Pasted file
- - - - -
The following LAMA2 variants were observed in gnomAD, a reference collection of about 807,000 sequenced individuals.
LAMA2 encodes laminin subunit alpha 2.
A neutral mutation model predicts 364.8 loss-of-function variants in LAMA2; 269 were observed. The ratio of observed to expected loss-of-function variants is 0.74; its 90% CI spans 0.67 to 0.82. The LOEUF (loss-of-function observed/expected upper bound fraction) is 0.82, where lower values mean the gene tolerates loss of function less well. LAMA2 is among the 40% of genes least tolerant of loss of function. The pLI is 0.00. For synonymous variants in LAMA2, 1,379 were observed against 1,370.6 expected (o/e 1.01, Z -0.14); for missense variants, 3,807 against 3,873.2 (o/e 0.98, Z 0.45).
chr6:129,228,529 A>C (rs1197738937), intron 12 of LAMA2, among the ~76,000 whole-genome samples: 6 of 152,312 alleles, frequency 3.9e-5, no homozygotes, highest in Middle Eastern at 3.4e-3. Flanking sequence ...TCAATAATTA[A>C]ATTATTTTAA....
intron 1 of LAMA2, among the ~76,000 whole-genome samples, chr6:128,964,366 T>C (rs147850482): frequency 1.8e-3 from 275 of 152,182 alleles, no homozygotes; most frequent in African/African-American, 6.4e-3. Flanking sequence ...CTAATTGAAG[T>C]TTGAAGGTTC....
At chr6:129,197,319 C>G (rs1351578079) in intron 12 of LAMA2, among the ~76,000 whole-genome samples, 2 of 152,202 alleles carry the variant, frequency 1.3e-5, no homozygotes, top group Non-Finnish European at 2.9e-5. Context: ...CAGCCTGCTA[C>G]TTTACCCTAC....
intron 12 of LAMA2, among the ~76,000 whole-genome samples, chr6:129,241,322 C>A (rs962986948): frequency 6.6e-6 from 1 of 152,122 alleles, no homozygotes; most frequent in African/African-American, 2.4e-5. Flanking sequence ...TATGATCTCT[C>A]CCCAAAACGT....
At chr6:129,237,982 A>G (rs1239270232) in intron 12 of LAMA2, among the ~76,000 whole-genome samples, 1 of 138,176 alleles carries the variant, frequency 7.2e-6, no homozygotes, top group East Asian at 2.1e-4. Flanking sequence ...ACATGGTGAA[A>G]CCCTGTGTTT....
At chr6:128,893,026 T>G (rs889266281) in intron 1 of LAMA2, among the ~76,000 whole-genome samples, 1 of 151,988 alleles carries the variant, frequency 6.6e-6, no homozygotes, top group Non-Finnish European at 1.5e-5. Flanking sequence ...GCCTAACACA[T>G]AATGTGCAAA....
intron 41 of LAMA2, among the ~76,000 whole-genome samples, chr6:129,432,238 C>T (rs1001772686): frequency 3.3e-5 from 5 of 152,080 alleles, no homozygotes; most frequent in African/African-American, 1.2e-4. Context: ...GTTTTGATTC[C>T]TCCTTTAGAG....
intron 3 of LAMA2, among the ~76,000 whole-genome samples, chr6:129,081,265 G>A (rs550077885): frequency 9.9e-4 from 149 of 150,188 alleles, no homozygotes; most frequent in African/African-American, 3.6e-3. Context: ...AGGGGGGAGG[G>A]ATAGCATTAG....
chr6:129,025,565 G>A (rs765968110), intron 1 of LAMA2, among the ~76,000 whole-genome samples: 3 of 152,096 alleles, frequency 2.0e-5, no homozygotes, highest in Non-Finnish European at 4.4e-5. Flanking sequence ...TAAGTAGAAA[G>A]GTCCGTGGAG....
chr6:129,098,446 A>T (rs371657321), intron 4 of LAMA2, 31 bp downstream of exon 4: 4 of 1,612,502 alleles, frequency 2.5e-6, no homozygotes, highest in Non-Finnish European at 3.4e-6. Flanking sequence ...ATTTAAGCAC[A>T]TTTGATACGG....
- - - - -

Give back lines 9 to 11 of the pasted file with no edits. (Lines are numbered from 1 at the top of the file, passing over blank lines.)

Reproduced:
At chr6:128,893,026 T>G (rs889266281) in intron 1 of LAMA2, among the ~76,000 whole-genome samples, 1 of 151,988 alleles carries the variant, frequency 6.6e-6, no homozygotes, top group Non-Finnish European at 1.5e-5. Flanking sequence ...GCCTAACACA[T>G]AATGTGCAAA....
intron 41 of LAMA2, among the ~76,000 whole-genome samples, chr6:129,432,238 C>T (rs1001772686): frequency 3.3e-5 from 5 of 152,080 alleles, no homozygotes; most frequent in African/African-American, 1.2e-4. Context: ...GTTTTGATTC[C>T]TCCTTTAGAG....
intron 3 of LAMA2, among the ~76,000 whole-genome samples, chr6:129,081,265 G>A (rs550077885): frequency 9.9e-4 from 149 of 150,188 alleles, no homozygotes; most frequent in African/African-American, 3.6e-3. Context: ...AGGGGGGAGG[G>A]ATAGCATTAG....